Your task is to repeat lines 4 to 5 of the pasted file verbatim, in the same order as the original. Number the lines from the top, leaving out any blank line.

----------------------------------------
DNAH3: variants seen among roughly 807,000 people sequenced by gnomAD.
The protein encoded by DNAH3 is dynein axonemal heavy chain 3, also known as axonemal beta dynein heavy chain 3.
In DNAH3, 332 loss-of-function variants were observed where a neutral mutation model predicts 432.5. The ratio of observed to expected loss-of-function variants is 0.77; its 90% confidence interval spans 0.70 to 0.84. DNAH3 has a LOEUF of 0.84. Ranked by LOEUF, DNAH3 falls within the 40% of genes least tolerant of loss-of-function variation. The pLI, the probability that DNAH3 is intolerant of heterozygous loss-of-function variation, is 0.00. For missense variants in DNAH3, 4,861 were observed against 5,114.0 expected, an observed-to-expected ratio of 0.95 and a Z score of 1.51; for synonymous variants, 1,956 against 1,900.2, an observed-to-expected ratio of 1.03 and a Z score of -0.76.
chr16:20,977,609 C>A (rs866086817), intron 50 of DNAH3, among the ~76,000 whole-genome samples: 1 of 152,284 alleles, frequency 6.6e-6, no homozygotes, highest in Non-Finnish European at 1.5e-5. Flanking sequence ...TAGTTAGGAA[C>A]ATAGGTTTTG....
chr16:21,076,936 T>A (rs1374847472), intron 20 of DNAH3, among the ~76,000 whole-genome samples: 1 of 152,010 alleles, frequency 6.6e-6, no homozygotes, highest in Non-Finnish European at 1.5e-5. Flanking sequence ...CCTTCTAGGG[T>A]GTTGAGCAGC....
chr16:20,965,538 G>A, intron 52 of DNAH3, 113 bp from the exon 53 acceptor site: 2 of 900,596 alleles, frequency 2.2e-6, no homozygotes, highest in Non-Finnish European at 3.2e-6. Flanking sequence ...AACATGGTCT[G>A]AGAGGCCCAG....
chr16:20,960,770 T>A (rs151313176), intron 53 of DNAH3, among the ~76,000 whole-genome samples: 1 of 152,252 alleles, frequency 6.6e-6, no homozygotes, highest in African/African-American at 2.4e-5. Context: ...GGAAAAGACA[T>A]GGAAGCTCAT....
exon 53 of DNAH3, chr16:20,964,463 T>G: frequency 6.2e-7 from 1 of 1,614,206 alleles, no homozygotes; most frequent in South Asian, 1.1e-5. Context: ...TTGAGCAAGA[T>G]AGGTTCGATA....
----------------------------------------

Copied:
chr16:20,977,609 C>A (rs866086817), intron 50 of DNAH3, among the ~76,000 whole-genome samples: 1 of 152,284 alleles, frequency 6.6e-6, no homozygotes, highest in Non-Finnish European at 1.5e-5. Flanking sequence ...TAGTTAGGAA[C>A]ATAGGTTTTG....
chr16:21,076,936 T>A (rs1374847472), intron 20 of DNAH3, among the ~76,000 whole-genome samples: 1 of 152,010 alleles, frequency 6.6e-6, no homozygotes, highest in Non-Finnish European at 1.5e-5. Flanking sequence ...CCTTCTAGGG[T>A]GTTGAGCAGC....